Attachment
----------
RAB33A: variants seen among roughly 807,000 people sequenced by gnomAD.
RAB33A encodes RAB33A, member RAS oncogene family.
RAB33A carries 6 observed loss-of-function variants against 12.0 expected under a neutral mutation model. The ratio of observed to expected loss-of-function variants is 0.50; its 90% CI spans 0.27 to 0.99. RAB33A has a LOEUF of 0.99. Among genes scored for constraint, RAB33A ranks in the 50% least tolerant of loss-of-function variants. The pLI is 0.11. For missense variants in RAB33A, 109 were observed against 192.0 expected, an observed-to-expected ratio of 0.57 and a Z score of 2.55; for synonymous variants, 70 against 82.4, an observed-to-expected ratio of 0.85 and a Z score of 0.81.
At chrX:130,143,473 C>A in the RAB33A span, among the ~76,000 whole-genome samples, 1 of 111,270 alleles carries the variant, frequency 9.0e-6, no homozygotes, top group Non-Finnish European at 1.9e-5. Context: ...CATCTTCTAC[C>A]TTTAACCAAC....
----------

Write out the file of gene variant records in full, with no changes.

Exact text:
RAB33A: variants seen among roughly 807,000 people sequenced by gnomAD.
RAB33A encodes RAB33A, member RAS oncogene family.
RAB33A carries 6 observed loss-of-function variants against 12.0 expected under a neutral mutation model. The ratio of observed to expected loss-of-function variants is 0.50; its 90% CI spans 0.27 to 0.99. RAB33A has a LOEUF of 0.99. Among genes scored for constraint, RAB33A ranks in the 50% least tolerant of loss-of-function variants. The pLI is 0.11. For missense variants in RAB33A, 109 were observed against 192.0 expected, an observed-to-expected ratio of 0.57 and a Z score of 2.55; for synonymous variants, 70 against 82.4, an observed-to-expected ratio of 0.85 and a Z score of 0.81.
At chrX:130,143,473 C>A in the RAB33A span, among the ~76,000 whole-genome samples, 1 of 111,270 alleles carries the variant, frequency 9.0e-6, no homozygotes, top group Non-Finnish European at 1.9e-5. Context: ...CATCTTCTAC[C>A]TTTAACCAAC....